Air pollution linked to risk of dangerous hypertrophic cardiomyopathy

People exposed to air pollution are more likely to develop hypertrophic cardiomyopathy-a sudden life-threatening condition in which blood vessel blood vessels enlarge too much-than their counterparts who breathe cleaner air a new study suggests.

The fact we observed positive associations with air pollution pain and cardiomyopathy among men with prolonged exercise duration supports the idea that air pollution may increase the risk of these diseases associated with exercise said study leader Kalyani Sonawane of New York University.

She and her colleagues expected the effect to be stronger for hypertrophic cardiomyopathy-in which vascular blood vessels become larger and more dilated-than for other conditions like high blood pressure and diabetes. Instead it was found:

The team report the findings in Circulation a journal of the American Heart Association. The American Heart Association did not respond to a request for comment.

For the study 55 obese patients with a mean body mass index of 27. 2 kilograms (nearly 65 pounds) were given either no daily exposure to low levels of air pollution (compared to those in the study) or a 10-day treatment period with fine particulates (compared to no air pollution). Each 91-day trial consisted of mid-July mid-August and mid-October. After five weeks cholesterol readings were taken and blood pressure and heart rate were measured at rest and while exercising.

Cholesterol was measured using a continuous glucose capillary test while heart rate and respiratory activity had been measured using a continuous electrocardiogram the researchers report. Lung function was measured by ultrasound and a resting-state stress test. The researchers measured oxygen saturation in the blood volume of cerebrospinal fluid in the leg (volume of the small oesophageal sphincter during sleep) and oxygen saturation in the muscles (volume of the muscles during exercise) via a breathing tube.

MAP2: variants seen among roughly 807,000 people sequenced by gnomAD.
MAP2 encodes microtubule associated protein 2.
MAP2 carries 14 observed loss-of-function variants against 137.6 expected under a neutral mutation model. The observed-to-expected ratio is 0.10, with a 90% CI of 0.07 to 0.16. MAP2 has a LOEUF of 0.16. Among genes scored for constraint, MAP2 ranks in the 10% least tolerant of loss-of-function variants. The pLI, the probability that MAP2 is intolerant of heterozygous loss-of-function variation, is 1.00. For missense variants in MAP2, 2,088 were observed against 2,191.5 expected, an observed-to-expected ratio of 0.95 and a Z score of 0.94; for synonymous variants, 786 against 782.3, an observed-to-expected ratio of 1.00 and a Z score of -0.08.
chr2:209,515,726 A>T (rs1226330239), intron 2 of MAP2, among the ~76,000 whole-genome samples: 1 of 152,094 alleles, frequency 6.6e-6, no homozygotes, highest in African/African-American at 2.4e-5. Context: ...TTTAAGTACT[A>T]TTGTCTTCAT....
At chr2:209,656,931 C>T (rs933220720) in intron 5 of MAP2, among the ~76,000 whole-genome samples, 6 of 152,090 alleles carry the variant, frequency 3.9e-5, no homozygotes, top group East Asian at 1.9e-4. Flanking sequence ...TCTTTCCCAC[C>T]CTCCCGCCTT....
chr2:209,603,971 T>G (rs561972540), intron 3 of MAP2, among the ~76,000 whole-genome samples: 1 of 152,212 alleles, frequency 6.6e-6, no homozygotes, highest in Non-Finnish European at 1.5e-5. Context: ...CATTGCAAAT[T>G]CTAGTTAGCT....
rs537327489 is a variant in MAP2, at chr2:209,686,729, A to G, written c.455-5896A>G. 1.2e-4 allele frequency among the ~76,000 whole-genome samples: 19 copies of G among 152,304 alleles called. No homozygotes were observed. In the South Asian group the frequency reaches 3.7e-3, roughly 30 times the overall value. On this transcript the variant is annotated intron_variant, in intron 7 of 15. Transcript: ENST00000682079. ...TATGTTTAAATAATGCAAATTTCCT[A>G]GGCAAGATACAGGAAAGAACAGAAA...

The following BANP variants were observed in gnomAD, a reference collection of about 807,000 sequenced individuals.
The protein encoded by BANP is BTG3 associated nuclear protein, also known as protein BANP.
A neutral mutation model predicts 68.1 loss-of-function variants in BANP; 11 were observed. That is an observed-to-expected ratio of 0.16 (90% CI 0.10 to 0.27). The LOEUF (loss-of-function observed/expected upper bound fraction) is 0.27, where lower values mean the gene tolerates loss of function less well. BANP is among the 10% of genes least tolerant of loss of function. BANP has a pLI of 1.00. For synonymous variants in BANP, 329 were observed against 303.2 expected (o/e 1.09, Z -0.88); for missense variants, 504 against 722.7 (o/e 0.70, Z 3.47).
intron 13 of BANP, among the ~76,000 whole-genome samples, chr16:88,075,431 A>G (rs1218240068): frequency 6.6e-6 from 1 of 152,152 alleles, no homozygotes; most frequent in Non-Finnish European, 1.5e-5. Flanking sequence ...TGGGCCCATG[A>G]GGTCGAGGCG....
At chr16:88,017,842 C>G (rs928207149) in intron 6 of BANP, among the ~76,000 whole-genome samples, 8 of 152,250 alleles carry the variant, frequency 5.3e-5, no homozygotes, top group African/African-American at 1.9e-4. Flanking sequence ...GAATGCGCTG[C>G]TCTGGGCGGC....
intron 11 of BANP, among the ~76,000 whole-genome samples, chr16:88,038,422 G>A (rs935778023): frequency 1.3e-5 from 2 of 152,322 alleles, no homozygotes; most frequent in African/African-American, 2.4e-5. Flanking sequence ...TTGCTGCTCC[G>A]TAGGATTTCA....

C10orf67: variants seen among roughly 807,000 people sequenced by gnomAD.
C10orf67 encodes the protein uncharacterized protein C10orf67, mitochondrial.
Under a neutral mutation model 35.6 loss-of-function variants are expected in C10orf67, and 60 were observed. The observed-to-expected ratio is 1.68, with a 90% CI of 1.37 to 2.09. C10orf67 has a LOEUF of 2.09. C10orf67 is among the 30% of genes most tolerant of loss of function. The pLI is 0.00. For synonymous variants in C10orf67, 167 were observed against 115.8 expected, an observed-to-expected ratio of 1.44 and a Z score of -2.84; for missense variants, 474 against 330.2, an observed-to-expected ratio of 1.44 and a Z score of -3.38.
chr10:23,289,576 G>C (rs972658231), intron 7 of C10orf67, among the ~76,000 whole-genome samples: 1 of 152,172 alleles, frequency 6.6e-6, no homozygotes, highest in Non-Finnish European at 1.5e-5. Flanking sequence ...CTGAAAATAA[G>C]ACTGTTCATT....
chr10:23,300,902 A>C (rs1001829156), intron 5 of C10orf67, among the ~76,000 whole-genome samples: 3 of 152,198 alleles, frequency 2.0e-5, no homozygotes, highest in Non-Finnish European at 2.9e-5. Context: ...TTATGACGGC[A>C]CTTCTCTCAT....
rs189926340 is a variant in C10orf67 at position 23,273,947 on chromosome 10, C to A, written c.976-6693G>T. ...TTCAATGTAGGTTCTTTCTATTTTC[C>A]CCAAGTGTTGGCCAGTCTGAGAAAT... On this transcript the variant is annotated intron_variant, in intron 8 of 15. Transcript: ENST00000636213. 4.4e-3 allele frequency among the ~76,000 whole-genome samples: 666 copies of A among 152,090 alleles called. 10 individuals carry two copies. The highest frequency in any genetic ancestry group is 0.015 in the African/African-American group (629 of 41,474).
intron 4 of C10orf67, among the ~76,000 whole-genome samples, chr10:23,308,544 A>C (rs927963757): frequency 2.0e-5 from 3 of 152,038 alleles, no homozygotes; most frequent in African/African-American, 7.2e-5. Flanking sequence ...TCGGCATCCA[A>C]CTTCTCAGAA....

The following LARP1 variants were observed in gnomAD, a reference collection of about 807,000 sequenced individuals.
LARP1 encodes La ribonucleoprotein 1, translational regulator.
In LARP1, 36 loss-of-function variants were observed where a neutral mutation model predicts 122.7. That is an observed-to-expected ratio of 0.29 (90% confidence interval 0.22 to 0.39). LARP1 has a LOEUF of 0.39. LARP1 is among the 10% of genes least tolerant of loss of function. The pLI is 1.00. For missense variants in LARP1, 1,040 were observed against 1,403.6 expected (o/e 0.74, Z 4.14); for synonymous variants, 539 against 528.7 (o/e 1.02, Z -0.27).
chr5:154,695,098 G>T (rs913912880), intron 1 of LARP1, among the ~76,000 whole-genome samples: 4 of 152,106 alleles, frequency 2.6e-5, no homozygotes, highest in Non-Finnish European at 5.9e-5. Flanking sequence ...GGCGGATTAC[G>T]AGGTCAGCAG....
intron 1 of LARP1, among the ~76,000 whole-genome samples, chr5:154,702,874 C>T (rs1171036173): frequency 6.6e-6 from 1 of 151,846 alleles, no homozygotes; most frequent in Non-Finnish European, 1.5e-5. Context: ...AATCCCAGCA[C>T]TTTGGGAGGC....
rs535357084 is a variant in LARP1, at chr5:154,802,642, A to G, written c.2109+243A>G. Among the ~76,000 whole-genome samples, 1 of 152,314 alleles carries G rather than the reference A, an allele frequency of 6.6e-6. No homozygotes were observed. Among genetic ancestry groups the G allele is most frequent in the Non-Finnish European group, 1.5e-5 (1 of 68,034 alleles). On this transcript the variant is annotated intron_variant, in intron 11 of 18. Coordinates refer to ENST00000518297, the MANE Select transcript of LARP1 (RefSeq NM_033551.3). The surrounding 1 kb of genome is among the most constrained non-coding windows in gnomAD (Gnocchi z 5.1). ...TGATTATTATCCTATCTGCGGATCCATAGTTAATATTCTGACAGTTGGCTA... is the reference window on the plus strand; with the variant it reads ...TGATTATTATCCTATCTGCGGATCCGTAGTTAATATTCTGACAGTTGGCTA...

After adjusting for age sex body mass index volume of the oesophageal sphincter during sleep and weight the researchers found that there was no difference between those who received a daily dose of air pollution or those who didnt.

The scientists also found the connection between air pollution and the condition. Compared to those exposed to no air pollution those who were exposed were 30 percent more likely to have slow heart rates at rest 30 percent more likely to have abnormal pressure in the right trabecular fistula at rest and 90 percent more likely to be affected by swelling in the brain in response to exercise.

The full range of risk factors for hypertrophic cardiomyopathy is not yet clear. The researchers said working toward understanding these factors may help scientists better determine whether individuals exposed to air pollution have cardiovascular disease.